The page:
Furlough in Rome

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TheFrench came out later in a parade reminiscent of some I've seenin Paris, with turbaned troops and all (only their uniforms, exceptfor headgear, are always American)-we took a picture or two ofthem. Next, we went to the Sapienza and got into the courtyard andlooked at St. Ivo; unfortunately, the inside was closed, you can seeit only on days when mass is held for the laureates. But we lookedat the fa;ade for quite a while, and after this visit to Rome I haveeven more respect for Borromini than I had by studying him formerly.From there we went to S. Agnese in Piazza Navona, and had agood look at the Four Rivers Fountain too, which really is a prettydaring tour de force on old Bernini's part. The veil of the Nile isquite something. All in all this visit to Rome has increased myrespect for the technical courage and perfection of the Baroquemasters if for nothing else in their work.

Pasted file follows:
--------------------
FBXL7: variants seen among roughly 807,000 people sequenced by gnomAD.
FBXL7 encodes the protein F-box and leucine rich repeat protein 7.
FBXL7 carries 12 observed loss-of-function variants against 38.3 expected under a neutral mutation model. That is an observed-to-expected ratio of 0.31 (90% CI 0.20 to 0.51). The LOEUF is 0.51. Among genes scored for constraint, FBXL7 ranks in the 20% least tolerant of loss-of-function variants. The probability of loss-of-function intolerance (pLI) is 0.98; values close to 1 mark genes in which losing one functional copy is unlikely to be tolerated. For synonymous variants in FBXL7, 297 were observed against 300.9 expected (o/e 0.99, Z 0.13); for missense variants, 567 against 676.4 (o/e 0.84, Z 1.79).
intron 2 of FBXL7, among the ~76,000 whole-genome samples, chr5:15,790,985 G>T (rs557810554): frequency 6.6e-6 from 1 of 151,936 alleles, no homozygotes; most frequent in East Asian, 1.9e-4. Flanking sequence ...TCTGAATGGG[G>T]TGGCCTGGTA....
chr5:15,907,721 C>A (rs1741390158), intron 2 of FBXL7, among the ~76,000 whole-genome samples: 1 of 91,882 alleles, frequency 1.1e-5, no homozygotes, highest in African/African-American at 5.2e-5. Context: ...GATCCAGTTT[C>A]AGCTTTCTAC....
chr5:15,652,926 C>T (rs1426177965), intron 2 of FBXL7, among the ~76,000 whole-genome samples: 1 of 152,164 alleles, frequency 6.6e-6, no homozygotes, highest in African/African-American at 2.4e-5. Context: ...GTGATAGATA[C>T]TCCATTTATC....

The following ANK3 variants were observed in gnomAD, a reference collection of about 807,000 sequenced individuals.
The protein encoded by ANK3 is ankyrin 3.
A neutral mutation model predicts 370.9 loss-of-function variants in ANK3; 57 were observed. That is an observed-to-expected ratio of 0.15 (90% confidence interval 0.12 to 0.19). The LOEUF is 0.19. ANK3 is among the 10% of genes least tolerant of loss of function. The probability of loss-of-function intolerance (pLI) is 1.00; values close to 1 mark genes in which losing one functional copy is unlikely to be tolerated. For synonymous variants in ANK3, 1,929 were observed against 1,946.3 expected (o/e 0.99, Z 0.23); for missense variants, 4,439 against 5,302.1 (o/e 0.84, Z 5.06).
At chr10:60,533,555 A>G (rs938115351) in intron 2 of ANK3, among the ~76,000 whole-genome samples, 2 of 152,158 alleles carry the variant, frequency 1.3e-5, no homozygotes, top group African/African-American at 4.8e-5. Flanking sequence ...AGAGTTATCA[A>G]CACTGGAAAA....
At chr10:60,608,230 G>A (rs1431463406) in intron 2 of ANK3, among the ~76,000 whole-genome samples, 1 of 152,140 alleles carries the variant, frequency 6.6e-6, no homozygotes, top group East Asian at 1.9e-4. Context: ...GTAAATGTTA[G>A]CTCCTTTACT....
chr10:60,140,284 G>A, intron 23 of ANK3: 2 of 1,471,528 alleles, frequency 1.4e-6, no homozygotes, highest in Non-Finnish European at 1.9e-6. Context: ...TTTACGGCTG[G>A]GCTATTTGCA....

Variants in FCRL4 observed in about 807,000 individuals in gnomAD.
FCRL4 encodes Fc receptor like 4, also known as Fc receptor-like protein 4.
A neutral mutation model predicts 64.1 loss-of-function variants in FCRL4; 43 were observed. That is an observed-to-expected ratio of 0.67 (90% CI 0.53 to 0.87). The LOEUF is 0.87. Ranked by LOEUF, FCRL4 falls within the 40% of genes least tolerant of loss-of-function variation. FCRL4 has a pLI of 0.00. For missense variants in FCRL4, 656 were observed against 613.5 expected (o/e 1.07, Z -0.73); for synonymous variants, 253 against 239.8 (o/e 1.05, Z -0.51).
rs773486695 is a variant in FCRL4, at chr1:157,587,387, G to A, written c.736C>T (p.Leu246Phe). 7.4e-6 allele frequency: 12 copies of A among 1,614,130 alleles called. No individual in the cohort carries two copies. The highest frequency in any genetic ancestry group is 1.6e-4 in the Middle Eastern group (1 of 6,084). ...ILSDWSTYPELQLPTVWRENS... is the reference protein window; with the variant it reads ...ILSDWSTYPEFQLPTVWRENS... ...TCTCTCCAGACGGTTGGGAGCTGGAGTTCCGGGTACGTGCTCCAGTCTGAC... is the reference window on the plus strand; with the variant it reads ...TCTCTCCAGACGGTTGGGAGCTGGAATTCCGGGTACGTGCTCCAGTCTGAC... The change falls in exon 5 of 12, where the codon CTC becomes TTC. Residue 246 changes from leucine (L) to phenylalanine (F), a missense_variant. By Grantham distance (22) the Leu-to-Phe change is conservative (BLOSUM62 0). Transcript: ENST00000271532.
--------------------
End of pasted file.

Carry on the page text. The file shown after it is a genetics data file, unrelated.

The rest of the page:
http://www.jstor.orgFurlough in RomeAuthor(s): Heinz H. ThannhauserSource: College Art Journal, Vol. 4, No. 2, (Jan., 1945), pp. 92-95Published by: College Art AssociationStable URL: http://www.jstor.org/stable/772445Accessed: 24/05/2008 18:11Your use of the JSTOR archive indicates your acceptance of JSTOR's Terms and Conditions of Use, available athttp://www.jstor.org/page/info/about/policies/terms.jsp. JSTOR's Terms and Conditions of Use provides, in part, that unlessyou have obtained prior permission, you may not download an entire issue of a journal or multiple copies of articles, and youmay use content in the JSTOR archive only for your personal, non-commercial use.Please contact the publisher regarding any further use of this work. Publisher contact information may be obtained athttp://www.jstor.org/action/showPublisher?publisherCode=caa.Each copy of any part of a JSTOR transmission must contain the same copyright notice that appears on the screen or printedpage of such transmission.JSTOR is a not-for-profit organization founded in 1995 to build trusted digital archives for scholarship. We enable thescholarly community to preserve their work and the materials they rely upon, and to build a common research platform thatpromotes the discovery and use of these resources. For more information about JSTOR, please contact support@jstor.org.FURLOUGHINROME BYHEINZ H.THANNHAUSER' T HAT morning wewenttoS. Luigi dei Francesi, tolookatthe Caravaggiopictures; buttherewasa big massandcelebration there by French troops ofthe 5thArmy, so wedidn'tseethem.The Frenchcameoutlaterina parade reminiscentofsomeI'veseen in Paris, withturbaned troops andall (only their uniforms, except for headgear, are alwaysAmerican)-we tooka picture ortwoof them. Next, we wenttothe Sapienza and got intothe courtyard and lookedatSt. Ivo; unfortunately, theinsidewas closed, you cansee it only on days whenmass isheldforthelaureates.Butwelooked atthe fa;ade for quite a while, andafterthisvisittoRomeIhave evenmore respect forBorrominithanIhad bystudying himfor- merly. From there we wentto S. Agnese inPiazza Navona, and had a good lookattheFourRiversFountain too, which really isa pretty daring tourde force onoldBernini's part. TheveiloftheNileis quitesomething. AllinallthisvisittoRomehasincreased my respect forthetechnical courage and perfection ofthe Baroque masters if for nothing else intheir work. Next, S. Andrea della Valle, which quiteapart fromits design was amazing as being thefirst example of Baroquecupola and ceiling decorationI'dseen-the Lanfrancodomenot being,perhaps, as terrific as some of them, but quite anintroductionlThenthePalazzo Farnese, whichisnowa French headquartersbuilding. After asking someSudanese guards for directions, we groped our wayup and finally a maidshowedus into the Galleria, whichwas justbeing cleaned up-what athrilll Alotof super-moderns despise theCarracci as coldly academicand what-not, butwhen you seeanensemblelike this, whichso per- fectly fulfillsits purpose,your hat goes offtothem.Thefreshness ofthecoloris amazing, andboththe figures andtheentirecom- position are puredelight.Especially asalittlebreatheraftertoo many visitstothedarkandserious churches-although Iunder- standthefracascaused by cardinals havingsexythings likethat painted intheirhomelTheotherroomswere astounding too, with thewoodwork ceilings, etc.Ineed hardlysay how impressed Iwas 1 Excerpts fromaletterwrittentohis parentsduring thesummerof 1944 after a visittoRome. 92 withthe faCade: in Rome,however, youget so, thatthe onlything you noticeisafacadethatisnot perfect, the perfect ones being so commonl Next, S.Mariain Vallicella, withanotherterrific ceiling, andtheRubens altarpiece withthe angelsholdingup the picture ofthe Virgin thatthe gambler is saidtohavestonedwhenitwas at S.Mariadella Pace, whereupon realbloodcamefromit. *** Thenext day we wentto Santa Susanna and thento S. Maria della Vittoria,but unfortunately theBernini Ecstacy of St.Theresahas beenwalledinfor protection, likeso many other things. The figures ofthe onlooking Cornaro family inthetwosideboxesarestill visible, though. Thenwewent up toseeS.Carloalle Quattro Fontane, whichis just aboutthemost amazing ofBorromini'stours de force. Wecouldn't get intothecloisterbutwelookedfor quite a long timeat the amazing amountofmovementandundulation he got intososmalla faCade atsuchanarrowcorner.Wetriedto take pictures ofitbutwillhaveto splice two together, there wasn't enoughbacking room. *** Fromthereitwas just a little way toSta. Maria Maggiore, which Ihad especially wantedto see, afterthat unendingpaper Iwrote forKoehleronthemosaicsthere.Iwas afraid they'd probably have themwalled up likemostofthe apsidial mosaicsin Rome, butlo and behold, they wereallthereintheirfullfreshnesslItwasone ofthemostterrific artistic impressions I got onour stay inRome. Ihadnot expectedanything likethe strength ofcolorthatremains justgleaming outat you,-especiallyso, of course, inthecaseof theTorritiworkbut amazinglybright toowiththeoldmosaics. Wewalkedroundthewholechurch looking atthemall:thewalls of Jerichofalling down, God'shand throwing stonesdownonthe enemy, Lot'swife turning to salt, the passage overtheRed Sea, etc.I really was happy wehadbeenableto get intoSta.Maria Maggiore. *** Wehad planned to go back viathe Thermaeof Trajan, butit got toolatefor that, andatS. Pietroin Vincoli, weheardthatMichel- angelo's Moseswasallcovered up, sowedidn'tbother. Instead, we dropped intoSan Clemente, whereso manygreatpainters have worshipped inMasaccio's chapel. Father McSweeney(it's achurch 93 given totheIrishin Rome), whotookus around,remarked, "He was quite a big noiseinthose days, as you would sayl" First Iasked himinItalianhowto get tothesubterranean church, andhean- sweredinItalianandthensaid"Yedon't speak much English, do ye?" whichwas veryfunny. He proved tobean unusually in- terestingperson, withthemostintimate knowledge ofart history and styles and so forth as wellas allmatters pertaining to hischurch anda lively interestinthe war, discussingbombing formationsand everything else.Heis completely inlovewithRomeandsaid there was no place likeitto live in, andthat he hoped after the war wewouldallthreecometo stay andlivetherelThe mosaics, as usual, werecovered over, butwehad plenty oftimeto study all thedetailsoftheMasaccioandMasolino works, andthenwent downtotheoldchurch below, withtheMithraicstatueandthe other amazingthings. HeshoweduswherethehouseofClemens was, and pointed outtheusualanecdoticdetailsoftheCicerone withan ever so slight but delightful noteofamusementinhis voice, placing themwhere theybelong: for instance, withthe Aqua Mysteriosa, "because nobody knowswhereitcomesfrom"he said, asifhemeantto say, "and why should anybodygive a damn, either?" Allin all, onaccountoftheMasolino chapel, thechurch itself, thesubterranean part withits amazingfragments of early painting, andlastbutnotleastFather McSweeney's delightful and enlightened manner, thiswasoneofourmostmemorablevisitsin Rome. *** Wehailedahorse carriage andwent straight toSt.Peter's.As Pauland Ihad already studiedit prettythoroughly thetime before, we justglanced into give ourfriendalookat it, andthenwent straight totheSistine Chapel. Well, there just aren't any wordsto tellhow overwhelming itwas. HereI'd writtena paper, Godknows how long, aboutthe Prophets and Sibyls andtheinterrelationof figures onthe ceiling, butI hadn'tknowna damned thing aboutthe ceiling. Itisso unbelievablypowerful that you can't sayanything. I keptlooking,irresistibly, atthe Jonah, which epitomizes tome thewholeof Michelangelo's lifeandtorture,and really is, inthe last analysis, theculminationandcornerstonetothewhole ceiling. Whata piece of painting-what a piece of poetry, or philosophy, or emotional outburst, awhole ageexpressed inonemovementofa body! The way inwhich everythingincluding the Prophets and 94 Sibyls andAtlantesbuilds up fromthe relativelyquietfigures in the chronologically later pieces(Biblicallyspeaking) tothestorm that sweeps through the early Genesis scenes andthe figures around them, is inexpressible in words, RomainRolland'sor anyone's. As forsheer perfection of painting, theCreation of Adam just can't be beat. And say what you will, no photographs, detail enlargements ofthemostskillful kind, canever dowhatthe things themselves do to you,especially inthe contextfrom which you can't separate them. TheLast Judgment isalmostananticlimax against it; andasfor the Ghirlandaios,etc., you just can't getyourself to lookatthembe- cause somethingimmediatelypullsyoureyeuphighagain. And whenhasthereeverbeenamantodosomuchto your senseof formwithsuchmodestandrestraineduseofcolor?You begin to wonder why Rubenseverneededallthatrichnesswhena guy like thiscan sweepyou off your feetwith just afewtintsofroseand light blueand yellow-but wherethetintsare put, oh boy! Well, it'sallwritten up inallthe books, butI just haveto put down whatitdidtome. MediterraneanTheatre